Review: King Krule at Columbiahalle 

London native musician King Krule, real name Archy Marshall, hit the stage in pre pandemic Berlin –  here is indieBerlin’s review of Marshall’s concert at Columbiahalle! Archy Marshall, acclaimed musician from South London and a recent father of his first-born, has garnered a dedicated homegrown fan base with his peculiar look and sound. Born out of the 25-year-old British […]

Written By Lotta Tolpo

On March 14, 2020
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London native musician King Krule, real name Archy Marshall, hit the stage in pre pandemic Berlin –  here is indieBerlin’s review of Marshall’s concert at Columbiahalle!

Archy Marshall, acclaimed musician from South London and a recent father of his first-born, has garnered a dedicated homegrown fan base with his peculiar look and sound. Born out of the 25-year-old British artist’s lived experience, the principal concerns of his recently released third full-length album revolve around visceral themes such as loneliness and pre-fatherhood. Marshall hit the stage at Columbiahalle with a full band accompanying him just before the virus essentially shut down the entire city.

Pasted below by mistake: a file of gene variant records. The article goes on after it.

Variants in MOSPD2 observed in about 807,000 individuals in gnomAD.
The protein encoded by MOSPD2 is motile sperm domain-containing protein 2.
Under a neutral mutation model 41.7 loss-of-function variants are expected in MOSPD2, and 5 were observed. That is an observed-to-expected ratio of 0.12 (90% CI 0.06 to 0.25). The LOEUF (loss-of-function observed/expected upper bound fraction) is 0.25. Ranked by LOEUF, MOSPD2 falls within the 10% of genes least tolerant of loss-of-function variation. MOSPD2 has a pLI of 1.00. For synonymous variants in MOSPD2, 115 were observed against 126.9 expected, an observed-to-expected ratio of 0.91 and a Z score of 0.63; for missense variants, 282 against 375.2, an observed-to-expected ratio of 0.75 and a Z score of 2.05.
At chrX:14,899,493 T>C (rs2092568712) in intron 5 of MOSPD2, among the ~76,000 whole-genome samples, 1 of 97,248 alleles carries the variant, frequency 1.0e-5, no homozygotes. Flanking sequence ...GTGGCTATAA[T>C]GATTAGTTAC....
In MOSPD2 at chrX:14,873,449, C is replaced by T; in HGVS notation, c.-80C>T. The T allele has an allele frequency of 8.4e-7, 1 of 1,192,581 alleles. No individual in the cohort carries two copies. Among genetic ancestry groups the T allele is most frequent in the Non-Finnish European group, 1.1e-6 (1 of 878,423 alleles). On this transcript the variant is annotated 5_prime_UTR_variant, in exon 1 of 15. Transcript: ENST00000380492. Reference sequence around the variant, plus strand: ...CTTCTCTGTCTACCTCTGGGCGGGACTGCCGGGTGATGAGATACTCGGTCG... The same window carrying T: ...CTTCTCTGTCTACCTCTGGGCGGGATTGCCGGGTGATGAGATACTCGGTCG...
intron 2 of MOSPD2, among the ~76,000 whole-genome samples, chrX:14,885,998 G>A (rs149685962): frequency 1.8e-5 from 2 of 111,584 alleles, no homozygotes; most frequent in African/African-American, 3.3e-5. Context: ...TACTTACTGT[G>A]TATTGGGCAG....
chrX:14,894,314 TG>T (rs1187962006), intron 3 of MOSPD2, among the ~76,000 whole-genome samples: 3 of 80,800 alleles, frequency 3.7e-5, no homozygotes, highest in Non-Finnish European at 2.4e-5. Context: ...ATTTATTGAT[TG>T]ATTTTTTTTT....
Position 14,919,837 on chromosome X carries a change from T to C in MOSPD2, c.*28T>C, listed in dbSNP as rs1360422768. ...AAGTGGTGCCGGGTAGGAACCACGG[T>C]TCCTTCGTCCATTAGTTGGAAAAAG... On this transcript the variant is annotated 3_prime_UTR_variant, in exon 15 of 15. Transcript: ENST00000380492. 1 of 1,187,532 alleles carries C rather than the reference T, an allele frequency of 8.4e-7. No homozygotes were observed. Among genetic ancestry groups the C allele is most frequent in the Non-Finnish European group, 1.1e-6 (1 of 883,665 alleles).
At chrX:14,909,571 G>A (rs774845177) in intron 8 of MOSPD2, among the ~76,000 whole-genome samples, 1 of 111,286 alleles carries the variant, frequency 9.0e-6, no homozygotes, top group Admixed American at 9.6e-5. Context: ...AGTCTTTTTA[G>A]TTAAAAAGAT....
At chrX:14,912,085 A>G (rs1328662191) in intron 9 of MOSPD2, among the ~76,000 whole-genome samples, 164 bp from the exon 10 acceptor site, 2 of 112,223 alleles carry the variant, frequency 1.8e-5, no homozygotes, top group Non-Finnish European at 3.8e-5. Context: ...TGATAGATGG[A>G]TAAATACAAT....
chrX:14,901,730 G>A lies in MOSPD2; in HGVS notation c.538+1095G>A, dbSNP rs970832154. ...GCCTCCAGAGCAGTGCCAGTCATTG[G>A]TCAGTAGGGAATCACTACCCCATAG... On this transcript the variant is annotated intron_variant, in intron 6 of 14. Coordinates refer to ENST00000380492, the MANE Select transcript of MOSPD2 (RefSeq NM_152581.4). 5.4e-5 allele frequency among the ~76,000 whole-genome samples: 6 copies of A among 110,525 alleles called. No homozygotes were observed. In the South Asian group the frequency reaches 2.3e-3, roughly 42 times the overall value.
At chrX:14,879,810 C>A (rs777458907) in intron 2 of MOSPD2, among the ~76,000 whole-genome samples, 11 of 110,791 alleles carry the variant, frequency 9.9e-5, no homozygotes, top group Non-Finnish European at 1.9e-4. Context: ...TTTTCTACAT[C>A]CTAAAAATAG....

Arriving to a packed out venue, filled with a crowd fitted out in King Krule appropriate dress –namely loose fitting skatewear and proto-Normcore, this reviewer was excited to see how the subdued outlook portrayed on the artist’s popular albums and mixtapes would translate to a live performance space. Marshall’s work has always hinged on a kind of catharsis, both in its subject matter and execution – his rasping vocal transmitting a kind of dark energy, would it be enough to move the throng assembled in Columbiahalle?  

Hardly tuneful but undeniably magical, King Krule’s vocal talents did indeed fill the buzzing hall to some extent, but a low level of interaction with a difficult crowd may have made things a little more complex for Marshall on the night. The hits – of which there are many, were met with rapturous applause, but one couldnt help thinking the audience response was a little lacklustre – perhaps Archy Mashall and his stripped-down UK-centric show is a bit too earthy for the German scene? At one point, Marshall threw his guitar to the floor in exclamation as a particular piece arrived at its climax – but found little response in the sea of people in front of him, bar core members of the crowd at the very front. 

Perhaps the references were a little undefined to the wider audience, and it could be argued the sound was in need of some tweaks – Marshall’s whole sound is buoyed by deep, Dub basslines – but there’s a danger these frequencies can swallow the rest of the action, and one couldn’t help feeling like this was the case on the night in particular pockets of the venue . Nevertheless, the hall remained packed with slowly swaying, and undeniably impressed audience till the encore, and all in all the show felt full and alive and a solid night out for King Krule fans across Berlin. 

 

Photography: Reuben Bastienne-Lewis

 

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